The Congregational Church of Matinicus has a few traditions. Among them are holding services in the evening, feasting together at Christmas Eve dinner, and the interminable singing of “Let the Lower Lights Be Burning.” Soon to be a tradition of the past, however, is running a garden hose from the neighbor’s house every time anybody wants water in the kitchen.
This year, as we celebrate the 100th anniversary of the church building, we’ll also celebrate a new addition: running water.
The community of Matinicus looked very different a century ago. In 1905, when application was made to the Congregational Church-Building Society for financial assistance with the construction of the island church, the population of the island was described as “250…two hundred forty Americans, ten Scandinavians and Germans.” The congregation itself seems to have been organized in 1904, with 18 members, and an average of 40 people turning out for “public worship,” probably held in somebody’s parlor. Contributions were subscribed, a $1,600 mortgage was secured through the above-mentioned Society, land was donated for the project by a Mr. Parmenter of the island, and for roughly $3,500 the structure was built, with community room downstairs, sanctuary upstairs and bell tower. Church trustee Suzanne Rankin says “My guess from reading the notes was that probably Henry Young or somebody said `let’s stop talking about it and let’s do something.'”
That spirit surfaced again in recent years, when talk of having a proper kitchen at last became reality.
For a century, the people of Matinicus have marked community and family occasions in the church, and have managed to offer fellowship and refreshments, conviviality and comfort, coffee and pie and Christmas dinner without benefit of plumbing. In addition to Sunday services during the summer months (Matinicus has not had a year-round minister in many decades), the church serves as the island’s community function hall. Of course weddings, christenings and funerals are held here, but so are a wide variety of musical performances, church suppers, bridal showers, chili cook-offs, fisherman’s discussions, the island Christmas Tree, farmer’s market, Sunday school and beano. “We had a very moving impromptu gathering immediately after 9-11,” recalls one resident, “where people read or said some powerful things.”
According to church trustee Maury Colton, the water should be plumbed in and the kitchen functional in early July. “We’re aiming for July 4th,” says Colton. The first church service of the summer will be on July 9th, with the Revs. Marjory and Peter Bankson officiating. The Banksons spent part of last summer thinking about creative ways to “dedicate the plumbing.” One idea was to have a long line of people passing a dish, hand-to-hand, containing the first water drawn from the tap in the kitchen, up the stairs, all around the sanctuary, back out to the entry, and up the ladder to be finally poured over the bell in the tower. “We could then ring that bell like crazy,” adds another islander.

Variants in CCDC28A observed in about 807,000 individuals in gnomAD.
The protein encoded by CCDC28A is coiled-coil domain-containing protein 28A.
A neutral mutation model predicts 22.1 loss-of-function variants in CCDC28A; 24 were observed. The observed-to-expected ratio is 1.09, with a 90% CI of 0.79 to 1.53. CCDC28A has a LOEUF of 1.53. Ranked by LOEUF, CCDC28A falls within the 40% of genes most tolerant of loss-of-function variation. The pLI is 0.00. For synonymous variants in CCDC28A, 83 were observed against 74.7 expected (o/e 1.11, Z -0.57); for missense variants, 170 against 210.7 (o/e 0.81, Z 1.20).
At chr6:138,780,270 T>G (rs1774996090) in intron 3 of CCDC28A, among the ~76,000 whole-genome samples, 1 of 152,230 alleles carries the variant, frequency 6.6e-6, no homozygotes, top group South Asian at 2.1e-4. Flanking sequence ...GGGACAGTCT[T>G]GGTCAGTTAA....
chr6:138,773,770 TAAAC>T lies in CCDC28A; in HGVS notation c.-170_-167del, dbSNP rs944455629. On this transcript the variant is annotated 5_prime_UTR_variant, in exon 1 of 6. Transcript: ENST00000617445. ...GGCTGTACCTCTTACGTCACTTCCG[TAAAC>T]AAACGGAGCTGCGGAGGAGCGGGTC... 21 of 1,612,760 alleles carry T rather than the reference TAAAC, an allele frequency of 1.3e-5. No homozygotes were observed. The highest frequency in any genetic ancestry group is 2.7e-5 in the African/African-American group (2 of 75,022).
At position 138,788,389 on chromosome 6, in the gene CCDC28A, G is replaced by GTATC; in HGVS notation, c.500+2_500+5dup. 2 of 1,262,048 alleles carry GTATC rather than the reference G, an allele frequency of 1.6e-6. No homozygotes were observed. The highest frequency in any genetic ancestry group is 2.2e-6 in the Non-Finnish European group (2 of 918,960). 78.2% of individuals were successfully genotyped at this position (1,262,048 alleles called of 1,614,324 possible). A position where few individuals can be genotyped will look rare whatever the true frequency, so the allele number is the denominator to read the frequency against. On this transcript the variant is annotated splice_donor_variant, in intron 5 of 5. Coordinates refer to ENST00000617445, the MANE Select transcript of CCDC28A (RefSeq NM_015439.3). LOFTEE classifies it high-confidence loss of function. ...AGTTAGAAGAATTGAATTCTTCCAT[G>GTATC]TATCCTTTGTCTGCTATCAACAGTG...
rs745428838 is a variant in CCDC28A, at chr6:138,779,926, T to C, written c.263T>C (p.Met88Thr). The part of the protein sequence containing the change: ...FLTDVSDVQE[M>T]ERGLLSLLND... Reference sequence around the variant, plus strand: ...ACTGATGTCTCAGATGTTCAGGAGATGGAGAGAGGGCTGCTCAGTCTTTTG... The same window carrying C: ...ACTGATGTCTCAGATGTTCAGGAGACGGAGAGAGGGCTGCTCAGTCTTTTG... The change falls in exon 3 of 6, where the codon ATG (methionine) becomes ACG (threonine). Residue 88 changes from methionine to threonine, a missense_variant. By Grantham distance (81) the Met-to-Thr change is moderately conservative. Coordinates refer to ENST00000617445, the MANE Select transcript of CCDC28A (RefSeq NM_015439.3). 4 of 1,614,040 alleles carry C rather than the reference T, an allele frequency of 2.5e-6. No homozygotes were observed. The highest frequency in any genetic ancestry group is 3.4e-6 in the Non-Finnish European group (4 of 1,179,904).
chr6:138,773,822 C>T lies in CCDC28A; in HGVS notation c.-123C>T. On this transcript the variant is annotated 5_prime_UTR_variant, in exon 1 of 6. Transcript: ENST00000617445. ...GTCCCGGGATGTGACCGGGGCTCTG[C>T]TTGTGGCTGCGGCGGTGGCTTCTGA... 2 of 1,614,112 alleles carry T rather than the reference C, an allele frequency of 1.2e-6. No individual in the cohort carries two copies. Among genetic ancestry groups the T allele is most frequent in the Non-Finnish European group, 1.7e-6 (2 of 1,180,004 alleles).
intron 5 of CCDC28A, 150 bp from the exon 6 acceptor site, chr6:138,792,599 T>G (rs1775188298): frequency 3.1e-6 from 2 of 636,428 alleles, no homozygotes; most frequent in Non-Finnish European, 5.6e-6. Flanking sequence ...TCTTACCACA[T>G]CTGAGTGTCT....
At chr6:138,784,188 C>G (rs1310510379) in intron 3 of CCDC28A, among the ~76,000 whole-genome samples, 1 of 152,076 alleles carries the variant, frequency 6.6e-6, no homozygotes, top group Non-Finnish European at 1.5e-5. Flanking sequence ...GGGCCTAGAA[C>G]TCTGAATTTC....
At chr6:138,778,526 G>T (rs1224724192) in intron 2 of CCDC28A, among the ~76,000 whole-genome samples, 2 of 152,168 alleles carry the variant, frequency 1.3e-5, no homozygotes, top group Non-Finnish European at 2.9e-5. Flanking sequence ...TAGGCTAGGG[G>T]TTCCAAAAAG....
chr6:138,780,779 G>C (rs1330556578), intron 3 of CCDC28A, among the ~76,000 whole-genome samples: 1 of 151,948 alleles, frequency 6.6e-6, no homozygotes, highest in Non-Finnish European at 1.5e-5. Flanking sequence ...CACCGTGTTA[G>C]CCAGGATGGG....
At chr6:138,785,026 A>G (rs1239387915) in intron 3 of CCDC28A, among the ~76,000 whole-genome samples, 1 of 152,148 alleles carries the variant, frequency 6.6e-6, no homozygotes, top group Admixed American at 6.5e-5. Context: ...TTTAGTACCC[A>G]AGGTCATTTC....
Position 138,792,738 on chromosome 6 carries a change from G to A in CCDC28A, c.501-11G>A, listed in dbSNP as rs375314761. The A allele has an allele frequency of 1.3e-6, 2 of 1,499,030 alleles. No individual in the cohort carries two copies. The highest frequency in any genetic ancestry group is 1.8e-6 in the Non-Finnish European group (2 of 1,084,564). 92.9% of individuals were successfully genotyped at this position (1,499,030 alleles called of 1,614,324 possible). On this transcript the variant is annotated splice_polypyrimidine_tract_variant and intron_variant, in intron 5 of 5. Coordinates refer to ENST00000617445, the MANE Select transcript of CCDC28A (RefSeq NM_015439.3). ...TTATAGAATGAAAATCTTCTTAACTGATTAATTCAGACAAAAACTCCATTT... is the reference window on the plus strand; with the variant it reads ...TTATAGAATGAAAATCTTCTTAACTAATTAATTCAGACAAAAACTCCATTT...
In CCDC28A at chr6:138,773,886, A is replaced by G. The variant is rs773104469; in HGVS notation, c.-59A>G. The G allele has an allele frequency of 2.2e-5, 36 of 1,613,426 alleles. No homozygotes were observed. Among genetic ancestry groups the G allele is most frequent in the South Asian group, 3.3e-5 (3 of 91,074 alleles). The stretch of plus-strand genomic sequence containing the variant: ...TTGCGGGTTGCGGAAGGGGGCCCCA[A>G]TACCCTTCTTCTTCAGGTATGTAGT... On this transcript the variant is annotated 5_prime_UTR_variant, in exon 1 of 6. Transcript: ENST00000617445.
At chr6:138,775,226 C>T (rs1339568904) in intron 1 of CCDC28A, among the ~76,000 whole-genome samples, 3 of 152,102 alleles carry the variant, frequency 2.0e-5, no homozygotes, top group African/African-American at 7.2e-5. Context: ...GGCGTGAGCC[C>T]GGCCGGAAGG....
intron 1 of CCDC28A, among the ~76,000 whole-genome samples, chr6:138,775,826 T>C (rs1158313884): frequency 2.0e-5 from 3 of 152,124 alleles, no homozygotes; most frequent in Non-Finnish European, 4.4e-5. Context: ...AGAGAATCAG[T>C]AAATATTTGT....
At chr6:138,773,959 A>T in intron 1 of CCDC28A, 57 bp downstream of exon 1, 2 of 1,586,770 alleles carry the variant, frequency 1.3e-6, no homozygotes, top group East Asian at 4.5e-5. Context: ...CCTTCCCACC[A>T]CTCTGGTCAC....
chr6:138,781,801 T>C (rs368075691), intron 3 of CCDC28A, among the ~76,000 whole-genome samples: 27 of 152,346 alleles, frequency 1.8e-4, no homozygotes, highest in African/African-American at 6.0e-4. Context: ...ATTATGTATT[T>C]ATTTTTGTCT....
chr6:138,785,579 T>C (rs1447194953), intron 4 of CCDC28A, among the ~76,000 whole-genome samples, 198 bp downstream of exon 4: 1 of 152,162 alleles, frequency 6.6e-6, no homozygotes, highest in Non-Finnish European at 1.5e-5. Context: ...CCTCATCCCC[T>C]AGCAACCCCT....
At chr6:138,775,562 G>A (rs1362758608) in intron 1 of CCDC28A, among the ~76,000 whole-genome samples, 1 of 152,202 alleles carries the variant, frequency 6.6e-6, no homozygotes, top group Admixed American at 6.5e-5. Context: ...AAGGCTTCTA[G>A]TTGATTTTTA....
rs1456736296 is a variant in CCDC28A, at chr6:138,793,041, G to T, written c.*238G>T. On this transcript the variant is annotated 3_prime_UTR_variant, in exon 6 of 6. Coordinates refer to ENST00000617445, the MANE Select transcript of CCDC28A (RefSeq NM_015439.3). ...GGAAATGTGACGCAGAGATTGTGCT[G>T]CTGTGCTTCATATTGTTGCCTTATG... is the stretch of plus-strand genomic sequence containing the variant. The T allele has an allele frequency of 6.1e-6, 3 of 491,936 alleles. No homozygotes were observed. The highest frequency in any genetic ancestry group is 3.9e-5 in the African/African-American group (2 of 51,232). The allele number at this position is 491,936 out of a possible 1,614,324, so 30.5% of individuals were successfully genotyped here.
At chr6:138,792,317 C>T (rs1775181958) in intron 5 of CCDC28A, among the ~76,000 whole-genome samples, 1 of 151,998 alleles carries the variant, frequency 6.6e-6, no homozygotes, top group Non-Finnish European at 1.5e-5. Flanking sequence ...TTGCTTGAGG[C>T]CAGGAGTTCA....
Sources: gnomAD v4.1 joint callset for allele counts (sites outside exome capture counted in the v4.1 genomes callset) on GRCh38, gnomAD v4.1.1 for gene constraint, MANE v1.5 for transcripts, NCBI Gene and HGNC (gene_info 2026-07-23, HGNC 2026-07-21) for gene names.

Enormously helpful was the fact that a neighbor was having a new well drilled a couple of years ago. Many thanks from the congregation to the Bunker and Pulkkinen families, who have given the church permission to share the well. Andrew Thompson, Maury Colton, Tony Hughes, Paul Murray and no doubt others have worked to dig the ditch, drop the pump in the well, install the rest of the system, and make improvements to the kitchen. It should be noted that nobody wants to completely modernize the old kitchen, as some of the historic woodwork is quite beautiful. Improvement to make it more “user-friendly” with minimal disruption to the architecture is the goal.
The idea of holding a special service or celebration for something so utilitarian as plumbing wouldn’t be new for Matinicus. When a generator (or “lighting plant”) specifically earmarked by the donor for “an island church,” was installed in 1939, a service of dedication was held for the electricity (this was about 25 years before the island had a power company).
Some things have not changed in a century. In a June 1906 clipping from the Rockland Courier-Gazette, we read the following: “In spite of the fog and rain the steamer W.G. Butman took nearly 60 persons — ministers, church members and friends — to Matinicus Wednesday to assist in the dedication of the first church building which the beautiful island has ever enjoyed…The visitors soon found themselves in the attractive meeting house…In the vestry were tables loaded with food in quantity enough for a small army and in quality enough to satisfy an epicure.”
Funds for the church plumbing project have all been raised locally, a little at a time. The island’s lobstermen have contributed significantly toward the effort. Community suppers, bottle drives and similar events got things started, and this summer a very special calendar is being sold to benefit the Matinicus church. Funds for the church plumbing project have all been raised locally, a little at a time. The island’s lobstermen have contributed significantly toward the effort. Community suppers, bottle drives and similar events got things started, and this summer a very special calendar is being sold to benefit the Matinicus church.
For information on the calendar please check www.matinicusisle.org.